Timeline To Baby

When faced with infertility, women have a few different assisted reproductive technology (ART) options available to help with conception. In vitro fertilization (IVF) is an excellent treatment with high success rates, but many patients wonder how long the entire process will take. Although each situation is unique, most women should prepare for at least 4-6 weeks of treatment.


Preparing for IVF

Before undergoing IVF, women should make lifestyle changes to optimize the chances of success. For some individuals, this preparation may involve weight loss, which can take months. For other women, the focus will be on quitting vices such as smoking and drinking. All women pursuing pregnancy should take a prenatal vitamin for at least 1 month before attempting to conceive. A healthy diet full of dark leafy vegetables and protein can also set patients up for success. Some women can make such changes quickly, while other individuals will need at least a few months to fully prepare for IVF treatment. A baseline exam to check the health of the uterus and blood work for sexually transmitted infections (STIs) are also standard.

Birth control for pregnancy?

In some cases, the patient will be asked to start birth control before IVF. While this approach may seem counterintuitive, the point of the medication is to regulate the cycle so the healthcare team knows precisely when a period is due, and the process can begin.

Starting with LMP

The first day of the last menstrual period (LMP) is the official start of the IVF cycle. Medications called ovarian stimulants will be given to the patient to encourage the growth of multiple eggs in the ovaries. Frequent ultrasounds and bloodwork will be performed to monitor egg growth and confirm the best time for a retrieval and transfer.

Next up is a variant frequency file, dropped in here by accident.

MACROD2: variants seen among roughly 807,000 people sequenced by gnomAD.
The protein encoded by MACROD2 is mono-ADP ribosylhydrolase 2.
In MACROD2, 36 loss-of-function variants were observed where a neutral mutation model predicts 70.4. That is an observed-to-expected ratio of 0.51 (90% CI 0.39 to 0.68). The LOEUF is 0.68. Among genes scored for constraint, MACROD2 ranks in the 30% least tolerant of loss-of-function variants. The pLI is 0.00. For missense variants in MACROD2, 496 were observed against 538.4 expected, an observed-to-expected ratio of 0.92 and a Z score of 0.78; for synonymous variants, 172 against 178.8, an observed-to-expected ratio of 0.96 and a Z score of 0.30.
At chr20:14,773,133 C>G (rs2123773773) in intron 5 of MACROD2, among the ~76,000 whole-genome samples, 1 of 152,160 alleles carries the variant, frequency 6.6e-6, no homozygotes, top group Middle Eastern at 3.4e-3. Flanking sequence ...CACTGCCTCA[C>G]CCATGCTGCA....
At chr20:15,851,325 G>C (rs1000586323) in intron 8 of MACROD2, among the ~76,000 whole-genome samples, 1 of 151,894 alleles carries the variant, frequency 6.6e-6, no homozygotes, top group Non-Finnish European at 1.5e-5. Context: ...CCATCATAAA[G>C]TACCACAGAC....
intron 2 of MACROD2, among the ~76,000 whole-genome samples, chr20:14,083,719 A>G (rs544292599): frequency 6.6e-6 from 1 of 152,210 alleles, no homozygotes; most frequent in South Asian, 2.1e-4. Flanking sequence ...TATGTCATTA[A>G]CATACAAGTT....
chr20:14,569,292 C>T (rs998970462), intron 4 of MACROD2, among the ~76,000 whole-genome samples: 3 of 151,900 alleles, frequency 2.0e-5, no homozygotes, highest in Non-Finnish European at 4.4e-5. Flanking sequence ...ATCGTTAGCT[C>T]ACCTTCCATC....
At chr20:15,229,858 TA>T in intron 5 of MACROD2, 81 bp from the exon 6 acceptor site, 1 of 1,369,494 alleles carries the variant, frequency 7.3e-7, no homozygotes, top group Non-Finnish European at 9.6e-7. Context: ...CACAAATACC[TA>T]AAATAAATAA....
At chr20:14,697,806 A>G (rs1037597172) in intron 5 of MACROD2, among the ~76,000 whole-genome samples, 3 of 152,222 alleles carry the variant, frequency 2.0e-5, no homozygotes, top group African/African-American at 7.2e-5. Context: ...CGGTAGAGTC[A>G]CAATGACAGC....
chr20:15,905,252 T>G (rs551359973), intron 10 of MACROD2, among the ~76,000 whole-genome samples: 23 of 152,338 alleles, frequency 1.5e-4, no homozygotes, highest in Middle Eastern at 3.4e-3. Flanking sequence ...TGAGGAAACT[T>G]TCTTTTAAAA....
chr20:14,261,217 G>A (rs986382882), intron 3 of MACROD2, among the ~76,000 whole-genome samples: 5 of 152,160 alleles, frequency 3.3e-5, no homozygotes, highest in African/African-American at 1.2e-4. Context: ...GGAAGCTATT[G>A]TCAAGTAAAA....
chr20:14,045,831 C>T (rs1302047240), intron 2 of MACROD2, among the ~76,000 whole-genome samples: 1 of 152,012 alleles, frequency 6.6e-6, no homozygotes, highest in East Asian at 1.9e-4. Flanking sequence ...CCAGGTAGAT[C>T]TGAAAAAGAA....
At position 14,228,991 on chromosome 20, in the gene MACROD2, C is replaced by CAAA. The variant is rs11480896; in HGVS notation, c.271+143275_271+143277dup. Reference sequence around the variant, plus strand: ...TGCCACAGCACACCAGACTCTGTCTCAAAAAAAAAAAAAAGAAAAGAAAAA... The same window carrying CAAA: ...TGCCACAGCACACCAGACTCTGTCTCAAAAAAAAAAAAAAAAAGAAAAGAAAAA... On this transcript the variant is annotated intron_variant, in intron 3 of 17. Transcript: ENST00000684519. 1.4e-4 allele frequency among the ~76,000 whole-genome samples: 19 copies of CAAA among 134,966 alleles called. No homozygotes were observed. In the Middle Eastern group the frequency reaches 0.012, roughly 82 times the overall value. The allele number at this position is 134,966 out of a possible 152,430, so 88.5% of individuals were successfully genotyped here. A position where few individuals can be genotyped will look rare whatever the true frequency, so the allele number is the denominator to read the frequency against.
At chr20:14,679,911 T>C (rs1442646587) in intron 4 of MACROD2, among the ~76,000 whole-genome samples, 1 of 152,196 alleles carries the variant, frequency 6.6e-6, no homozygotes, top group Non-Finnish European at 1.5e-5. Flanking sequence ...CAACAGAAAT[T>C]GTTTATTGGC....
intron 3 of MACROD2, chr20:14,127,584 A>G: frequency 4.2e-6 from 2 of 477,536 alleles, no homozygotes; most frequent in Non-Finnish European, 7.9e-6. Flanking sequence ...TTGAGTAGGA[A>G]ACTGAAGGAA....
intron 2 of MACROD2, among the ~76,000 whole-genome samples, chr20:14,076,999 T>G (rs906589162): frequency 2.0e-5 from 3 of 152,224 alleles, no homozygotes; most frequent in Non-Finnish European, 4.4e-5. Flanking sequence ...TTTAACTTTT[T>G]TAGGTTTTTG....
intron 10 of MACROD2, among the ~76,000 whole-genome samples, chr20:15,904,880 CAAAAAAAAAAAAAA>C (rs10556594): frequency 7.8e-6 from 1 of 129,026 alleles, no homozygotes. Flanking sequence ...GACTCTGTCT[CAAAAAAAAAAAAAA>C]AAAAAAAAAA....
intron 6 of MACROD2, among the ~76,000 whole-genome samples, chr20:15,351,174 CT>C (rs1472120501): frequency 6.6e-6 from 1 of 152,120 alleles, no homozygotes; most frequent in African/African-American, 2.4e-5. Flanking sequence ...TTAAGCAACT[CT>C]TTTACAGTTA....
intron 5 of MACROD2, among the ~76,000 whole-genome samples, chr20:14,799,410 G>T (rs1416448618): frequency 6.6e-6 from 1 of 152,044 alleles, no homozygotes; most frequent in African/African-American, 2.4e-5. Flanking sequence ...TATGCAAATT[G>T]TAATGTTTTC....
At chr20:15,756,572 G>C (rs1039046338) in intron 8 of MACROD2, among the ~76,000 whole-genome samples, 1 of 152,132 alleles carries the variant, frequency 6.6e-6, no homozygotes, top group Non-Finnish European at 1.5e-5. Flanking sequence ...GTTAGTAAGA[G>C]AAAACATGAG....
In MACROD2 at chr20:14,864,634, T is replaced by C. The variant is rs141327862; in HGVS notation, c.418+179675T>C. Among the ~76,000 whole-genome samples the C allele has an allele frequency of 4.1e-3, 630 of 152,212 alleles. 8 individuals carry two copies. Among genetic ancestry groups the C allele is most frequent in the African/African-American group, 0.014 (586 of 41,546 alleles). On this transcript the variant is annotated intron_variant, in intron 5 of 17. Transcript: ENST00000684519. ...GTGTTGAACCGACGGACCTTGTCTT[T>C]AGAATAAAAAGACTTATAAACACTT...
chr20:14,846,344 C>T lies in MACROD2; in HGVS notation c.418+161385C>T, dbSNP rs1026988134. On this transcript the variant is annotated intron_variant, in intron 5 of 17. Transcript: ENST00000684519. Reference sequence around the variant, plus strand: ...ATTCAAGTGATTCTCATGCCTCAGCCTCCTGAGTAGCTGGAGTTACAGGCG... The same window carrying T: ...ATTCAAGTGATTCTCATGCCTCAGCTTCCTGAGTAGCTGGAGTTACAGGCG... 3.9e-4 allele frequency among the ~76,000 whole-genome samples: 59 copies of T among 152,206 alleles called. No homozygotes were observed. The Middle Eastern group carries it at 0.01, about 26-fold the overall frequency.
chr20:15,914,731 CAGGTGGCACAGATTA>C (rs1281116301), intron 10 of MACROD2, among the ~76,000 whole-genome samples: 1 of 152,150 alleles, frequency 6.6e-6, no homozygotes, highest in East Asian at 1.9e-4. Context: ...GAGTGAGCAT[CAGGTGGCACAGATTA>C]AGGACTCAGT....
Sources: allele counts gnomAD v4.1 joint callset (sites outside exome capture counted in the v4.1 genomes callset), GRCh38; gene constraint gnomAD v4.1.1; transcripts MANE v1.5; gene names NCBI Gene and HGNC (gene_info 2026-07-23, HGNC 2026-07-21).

Time for retrieval

Once the eggs are mature, a retrieval is scheduled. The patient is given a trigger shot, which must be administered 36 hours prior to egg retrieval. The eggs will then be combined with a sperm sample to create embryos. Many women continue the IVF process with embryo transfer a few days later, while other patients prefer to wait until the next cycle to transfer.

The positive pregnancy test

After the embryo is implanted into the uterus, the patient must wait about 2 weeks until blood work can be performed to confirm the pregnancy. A home pregnancy test may be able to detect a positive result a few days earlier, but most fertility clinics recommend waiting for the result of the official blood work before getting too excited. Once a pregnancy is confirmed, the clinic may have the woman come in for an early ultrasound, but at about 8-10 weeks, the patient will return to a regular OB/GYN who will see the rest of the pregnancy through.

Time well spent

An average cycle lasts around 4 weeks from start to finish, but some women require more preparation time before IVF to get the body ready. In other cases, women may prefer to separate the retrieval and transfer into 2 separate cycles, doubling the total timeline. Although IVF can feel overwhelming, with constant blood draws, appointments, and ultrasounds, in the grand scheme of pregnancy, treatment only lasts a few weeks. If successful, a healthy baby will be on the way in just 9 short months.

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